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Sources claim the security holes were discovered between 2009 and 2011 but persisted beyond 2012. In addition to Italy, the vulnerabilities were found in Vodafone’s UK, Germany, Spain, and Portugal networks as well. Bloomberg’s insiders say that Vodafone continued to use the equipment even after the weaknesses were found because it was cheaper than alternatives and uprooting its whole infrastructure was cost prohibitive.
While Vodafone admits it knew of the holes, it disagrees with the sources on the timeline. It claims that the vulnerabilities were not found until 2011 and that it worked with Huawei to clear up the issue by 2012. The carrier also said that during that time there was no evidence that any data had been compromised. Vodafone also holds that it did not find problems in any other networks other than Italy.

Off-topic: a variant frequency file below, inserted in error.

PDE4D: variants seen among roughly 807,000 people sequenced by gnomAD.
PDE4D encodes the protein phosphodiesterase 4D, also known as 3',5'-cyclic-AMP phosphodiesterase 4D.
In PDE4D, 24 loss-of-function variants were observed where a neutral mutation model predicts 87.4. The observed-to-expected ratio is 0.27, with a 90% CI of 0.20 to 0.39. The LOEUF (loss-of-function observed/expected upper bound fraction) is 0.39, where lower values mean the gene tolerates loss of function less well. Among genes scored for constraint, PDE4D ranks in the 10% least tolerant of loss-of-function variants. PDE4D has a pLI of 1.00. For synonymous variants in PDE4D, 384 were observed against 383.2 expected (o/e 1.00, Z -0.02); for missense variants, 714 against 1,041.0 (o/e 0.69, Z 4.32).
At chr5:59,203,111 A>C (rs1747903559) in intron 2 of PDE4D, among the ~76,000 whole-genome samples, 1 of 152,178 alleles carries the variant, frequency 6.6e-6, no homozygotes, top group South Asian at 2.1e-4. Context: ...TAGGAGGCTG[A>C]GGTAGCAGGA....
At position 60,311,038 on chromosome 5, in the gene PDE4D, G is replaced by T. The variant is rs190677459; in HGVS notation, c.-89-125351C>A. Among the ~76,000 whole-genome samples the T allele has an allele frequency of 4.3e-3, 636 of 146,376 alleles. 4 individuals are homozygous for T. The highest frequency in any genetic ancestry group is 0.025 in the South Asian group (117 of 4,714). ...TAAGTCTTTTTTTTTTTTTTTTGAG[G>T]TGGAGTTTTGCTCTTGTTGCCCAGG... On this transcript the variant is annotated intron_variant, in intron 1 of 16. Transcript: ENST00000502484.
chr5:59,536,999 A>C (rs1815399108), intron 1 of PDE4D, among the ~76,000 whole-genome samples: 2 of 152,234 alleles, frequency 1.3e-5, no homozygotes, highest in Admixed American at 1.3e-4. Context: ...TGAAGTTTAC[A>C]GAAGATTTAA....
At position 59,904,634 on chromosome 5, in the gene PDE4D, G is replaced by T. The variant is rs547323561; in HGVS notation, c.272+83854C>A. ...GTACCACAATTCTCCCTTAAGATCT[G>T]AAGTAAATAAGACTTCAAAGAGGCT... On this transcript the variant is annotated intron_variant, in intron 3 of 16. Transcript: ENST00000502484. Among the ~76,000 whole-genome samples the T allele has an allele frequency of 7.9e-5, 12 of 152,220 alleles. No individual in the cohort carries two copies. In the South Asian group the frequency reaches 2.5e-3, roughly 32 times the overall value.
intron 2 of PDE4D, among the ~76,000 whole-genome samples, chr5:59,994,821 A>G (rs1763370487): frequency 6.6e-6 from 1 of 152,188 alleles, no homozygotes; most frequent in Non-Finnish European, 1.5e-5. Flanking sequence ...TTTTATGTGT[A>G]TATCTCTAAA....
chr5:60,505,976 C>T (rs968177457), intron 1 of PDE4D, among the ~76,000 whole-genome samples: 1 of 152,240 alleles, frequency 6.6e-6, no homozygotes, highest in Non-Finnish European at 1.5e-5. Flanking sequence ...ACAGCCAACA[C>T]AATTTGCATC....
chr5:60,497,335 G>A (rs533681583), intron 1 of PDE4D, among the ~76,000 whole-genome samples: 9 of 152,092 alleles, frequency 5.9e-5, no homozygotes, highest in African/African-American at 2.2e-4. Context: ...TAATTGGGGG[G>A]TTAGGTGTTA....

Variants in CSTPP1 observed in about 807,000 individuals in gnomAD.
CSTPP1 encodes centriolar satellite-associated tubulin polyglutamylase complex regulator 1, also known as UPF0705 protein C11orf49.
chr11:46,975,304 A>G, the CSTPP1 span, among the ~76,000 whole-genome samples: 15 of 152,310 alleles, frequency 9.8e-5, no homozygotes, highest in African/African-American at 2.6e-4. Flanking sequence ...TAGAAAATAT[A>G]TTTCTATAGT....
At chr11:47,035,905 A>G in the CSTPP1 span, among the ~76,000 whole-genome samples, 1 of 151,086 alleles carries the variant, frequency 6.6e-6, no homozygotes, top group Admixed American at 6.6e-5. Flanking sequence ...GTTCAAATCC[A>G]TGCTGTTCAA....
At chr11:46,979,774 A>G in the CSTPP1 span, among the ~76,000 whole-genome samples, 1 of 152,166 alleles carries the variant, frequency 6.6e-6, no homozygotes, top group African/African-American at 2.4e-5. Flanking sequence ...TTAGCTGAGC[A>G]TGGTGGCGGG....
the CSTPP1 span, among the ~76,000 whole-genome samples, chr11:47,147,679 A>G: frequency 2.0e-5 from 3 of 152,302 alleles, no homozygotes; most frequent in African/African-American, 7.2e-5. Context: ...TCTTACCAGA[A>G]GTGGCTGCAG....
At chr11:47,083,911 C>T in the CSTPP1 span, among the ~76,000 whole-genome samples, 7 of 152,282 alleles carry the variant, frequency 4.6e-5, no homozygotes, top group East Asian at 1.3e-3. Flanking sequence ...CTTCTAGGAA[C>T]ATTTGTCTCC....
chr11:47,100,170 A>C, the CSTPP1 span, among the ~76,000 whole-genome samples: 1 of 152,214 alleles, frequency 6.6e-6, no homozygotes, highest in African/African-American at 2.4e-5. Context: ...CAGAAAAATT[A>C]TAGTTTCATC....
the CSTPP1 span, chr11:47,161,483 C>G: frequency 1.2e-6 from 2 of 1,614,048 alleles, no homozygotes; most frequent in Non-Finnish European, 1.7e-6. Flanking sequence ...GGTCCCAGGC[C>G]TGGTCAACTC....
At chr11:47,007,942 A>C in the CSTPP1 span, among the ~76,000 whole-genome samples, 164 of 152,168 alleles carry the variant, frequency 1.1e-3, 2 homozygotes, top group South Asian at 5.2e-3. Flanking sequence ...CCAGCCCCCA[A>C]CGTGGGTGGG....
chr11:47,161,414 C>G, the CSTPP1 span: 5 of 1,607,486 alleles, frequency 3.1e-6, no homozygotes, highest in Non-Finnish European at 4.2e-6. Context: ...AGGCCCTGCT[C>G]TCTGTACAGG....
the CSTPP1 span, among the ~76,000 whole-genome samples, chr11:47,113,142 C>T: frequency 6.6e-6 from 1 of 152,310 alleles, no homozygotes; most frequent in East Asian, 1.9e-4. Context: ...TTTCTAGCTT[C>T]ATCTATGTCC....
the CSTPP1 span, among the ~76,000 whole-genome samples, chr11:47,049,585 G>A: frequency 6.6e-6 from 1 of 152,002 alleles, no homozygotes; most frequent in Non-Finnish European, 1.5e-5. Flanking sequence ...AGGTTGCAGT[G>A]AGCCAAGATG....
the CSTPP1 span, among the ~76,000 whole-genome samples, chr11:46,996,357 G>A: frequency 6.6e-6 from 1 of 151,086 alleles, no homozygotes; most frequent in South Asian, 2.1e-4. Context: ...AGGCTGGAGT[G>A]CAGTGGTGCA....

"Vodafone takes security extremely seriously and that is why we independently test the equipment we deploy to detect whether any such vulnerabilities exist. If a vulnerability exists, Vodafone works with that supplier to resolve it quickly."
Huawei confirmed Vodafone’s timeline. However, Bloomberg’s sources insist that they were involved in the security discussions between the two companies and that their claims are valid regarding the timeline and the other countries affected.
Huawei has been fending off spying accusations since early last year when six US intelligence agencies voiced concerns over the security of the Chinese-made devices. The UK and Australia have also issued warnings with the latter banning Huawei from providing equipment for its 5G infrastructure.
Huawei has not taken the criticism lying down though. Last month the company said that it was preparing to sue the United States government for banning its equipment calling it unconstitutional. No official filings have yet been received.